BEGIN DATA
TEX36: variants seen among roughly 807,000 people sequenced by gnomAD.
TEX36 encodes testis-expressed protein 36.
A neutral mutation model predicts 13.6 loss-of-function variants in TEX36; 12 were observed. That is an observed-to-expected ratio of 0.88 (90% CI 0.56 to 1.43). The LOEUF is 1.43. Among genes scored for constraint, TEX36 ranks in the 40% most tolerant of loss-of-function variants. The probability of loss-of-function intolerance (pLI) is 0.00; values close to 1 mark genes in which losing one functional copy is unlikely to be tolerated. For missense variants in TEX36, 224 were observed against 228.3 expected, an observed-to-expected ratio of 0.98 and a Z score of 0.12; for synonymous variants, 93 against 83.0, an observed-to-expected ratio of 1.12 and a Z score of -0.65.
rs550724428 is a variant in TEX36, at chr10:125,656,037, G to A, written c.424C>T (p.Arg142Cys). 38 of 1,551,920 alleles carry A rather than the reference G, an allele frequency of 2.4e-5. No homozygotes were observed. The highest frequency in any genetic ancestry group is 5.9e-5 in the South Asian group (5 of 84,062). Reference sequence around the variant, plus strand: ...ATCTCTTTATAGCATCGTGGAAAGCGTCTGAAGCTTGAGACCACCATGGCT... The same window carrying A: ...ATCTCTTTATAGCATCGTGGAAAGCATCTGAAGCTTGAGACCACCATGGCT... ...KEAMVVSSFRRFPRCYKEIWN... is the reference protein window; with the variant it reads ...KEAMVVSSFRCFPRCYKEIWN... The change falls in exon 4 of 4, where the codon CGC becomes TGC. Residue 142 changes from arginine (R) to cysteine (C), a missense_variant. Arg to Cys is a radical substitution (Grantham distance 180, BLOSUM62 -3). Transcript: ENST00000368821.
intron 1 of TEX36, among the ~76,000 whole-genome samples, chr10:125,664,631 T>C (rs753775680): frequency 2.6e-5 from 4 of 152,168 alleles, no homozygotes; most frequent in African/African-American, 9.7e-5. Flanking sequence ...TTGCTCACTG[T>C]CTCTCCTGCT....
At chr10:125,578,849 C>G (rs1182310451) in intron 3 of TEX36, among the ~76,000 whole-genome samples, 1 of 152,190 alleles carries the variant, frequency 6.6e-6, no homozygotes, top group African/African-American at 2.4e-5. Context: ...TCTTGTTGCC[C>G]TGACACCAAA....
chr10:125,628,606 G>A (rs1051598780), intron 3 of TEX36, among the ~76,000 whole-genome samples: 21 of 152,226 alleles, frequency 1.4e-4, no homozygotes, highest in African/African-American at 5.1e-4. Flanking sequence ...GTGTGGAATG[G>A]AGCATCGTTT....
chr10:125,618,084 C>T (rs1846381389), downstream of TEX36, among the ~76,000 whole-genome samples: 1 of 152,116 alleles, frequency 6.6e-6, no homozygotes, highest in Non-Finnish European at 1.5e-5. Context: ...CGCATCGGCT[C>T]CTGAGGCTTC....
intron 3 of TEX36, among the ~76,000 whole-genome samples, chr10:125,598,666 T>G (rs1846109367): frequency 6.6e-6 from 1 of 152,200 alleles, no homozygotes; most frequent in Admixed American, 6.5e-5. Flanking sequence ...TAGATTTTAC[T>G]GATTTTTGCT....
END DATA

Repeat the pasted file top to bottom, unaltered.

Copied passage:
TEX36: variants seen among roughly 807,000 people sequenced by gnomAD.
TEX36 encodes testis-expressed protein 36.
A neutral mutation model predicts 13.6 loss-of-function variants in TEX36; 12 were observed. That is an observed-to-expected ratio of 0.88 (90% CI 0.56 to 1.43). The LOEUF is 1.43. Among genes scored for constraint, TEX36 ranks in the 40% most tolerant of loss-of-function variants. The probability of loss-of-function intolerance (pLI) is 0.00; values close to 1 mark genes in which losing one functional copy is unlikely to be tolerated. For missense variants in TEX36, 224 were observed against 228.3 expected, an observed-to-expected ratio of 0.98 and a Z score of 0.12; for synonymous variants, 93 against 83.0, an observed-to-expected ratio of 1.12 and a Z score of -0.65.
rs550724428 is a variant in TEX36, at chr10:125,656,037, G to A, written c.424C>T (p.Arg142Cys). 38 of 1,551,920 alleles carry A rather than the reference G, an allele frequency of 2.4e-5. No homozygotes were observed. The highest frequency in any genetic ancestry group is 5.9e-5 in the South Asian group (5 of 84,062). Reference sequence around the variant, plus strand: ...ATCTCTTTATAGCATCGTGGAAAGCGTCTGAAGCTTGAGACCACCATGGCT... The same window carrying A: ...ATCTCTTTATAGCATCGTGGAAAGCATCTGAAGCTTGAGACCACCATGGCT... ...KEAMVVSSFRRFPRCYKEIWN... is the reference protein window; with the variant it reads ...KEAMVVSSFRCFPRCYKEIWN... The change falls in exon 4 of 4, where the codon CGC becomes TGC. Residue 142 changes from arginine (R) to cysteine (C), a missense_variant. Arg to Cys is a radical substitution (Grantham distance 180, BLOSUM62 -3). Transcript: ENST00000368821.
intron 1 of TEX36, among the ~76,000 whole-genome samples, chr10:125,664,631 T>C (rs753775680): frequency 2.6e-5 from 4 of 152,168 alleles, no homozygotes; most frequent in African/African-American, 9.7e-5. Flanking sequence ...TTGCTCACTG[T>C]CTCTCCTGCT....
At chr10:125,578,849 C>G (rs1182310451) in intron 3 of TEX36, among the ~76,000 whole-genome samples, 1 of 152,190 alleles carries the variant, frequency 6.6e-6, no homozygotes, top group African/African-American at 2.4e-5. Context: ...TCTTGTTGCC[C>G]TGACACCAAA....
chr10:125,628,606 G>A (rs1051598780), intron 3 of TEX36, among the ~76,000 whole-genome samples: 21 of 152,226 alleles, frequency 1.4e-4, no homozygotes, highest in African/African-American at 5.1e-4. Flanking sequence ...GTGTGGAATG[G>A]AGCATCGTTT....
chr10:125,618,084 C>T (rs1846381389), downstream of TEX36, among the ~76,000 whole-genome samples: 1 of 152,116 alleles, frequency 6.6e-6, no homozygotes, highest in Non-Finnish European at 1.5e-5. Context: ...CGCATCGGCT[C>T]CTGAGGCTTC....
intron 3 of TEX36, among the ~76,000 whole-genome samples, chr10:125,598,666 T>G (rs1846109367): frequency 6.6e-6 from 1 of 152,200 alleles, no homozygotes; most frequent in Admixed American, 6.5e-5. Flanking sequence ...TAGATTTTAC[T>G]GATTTTTGCT....